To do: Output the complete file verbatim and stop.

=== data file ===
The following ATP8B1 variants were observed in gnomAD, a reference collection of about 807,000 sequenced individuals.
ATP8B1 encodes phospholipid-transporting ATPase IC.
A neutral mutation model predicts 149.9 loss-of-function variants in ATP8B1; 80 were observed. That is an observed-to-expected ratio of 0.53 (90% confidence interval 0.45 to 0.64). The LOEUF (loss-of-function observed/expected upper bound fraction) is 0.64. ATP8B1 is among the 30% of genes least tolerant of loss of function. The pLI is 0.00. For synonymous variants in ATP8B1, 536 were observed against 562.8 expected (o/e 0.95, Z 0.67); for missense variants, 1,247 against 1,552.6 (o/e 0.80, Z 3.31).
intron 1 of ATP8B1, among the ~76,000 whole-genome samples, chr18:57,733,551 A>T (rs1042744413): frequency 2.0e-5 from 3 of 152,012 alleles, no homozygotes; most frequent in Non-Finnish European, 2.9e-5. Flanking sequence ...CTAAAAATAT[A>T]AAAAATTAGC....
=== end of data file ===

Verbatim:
The following ATP8B1 variants were observed in gnomAD, a reference collection of about 807,000 sequenced individuals.
ATP8B1 encodes phospholipid-transporting ATPase IC.
A neutral mutation model predicts 149.9 loss-of-function variants in ATP8B1; 80 were observed. That is an observed-to-expected ratio of 0.53 (90% confidence interval 0.45 to 0.64). The LOEUF (loss-of-function observed/expected upper bound fraction) is 0.64. ATP8B1 is among the 30% of genes least tolerant of loss of function. The pLI is 0.00. For synonymous variants in ATP8B1, 536 were observed against 562.8 expected (o/e 0.95, Z 0.67); for missense variants, 1,247 against 1,552.6 (o/e 0.80, Z 3.31).
intron 1 of ATP8B1, among the ~76,000 whole-genome samples, chr18:57,733,551 A>T (rs1042744413): frequency 2.0e-5 from 3 of 152,012 alleles, no homozygotes; most frequent in Non-Finnish European, 2.9e-5. Flanking sequence ...CTAAAAATAT[A>T]AAAAATTAGC....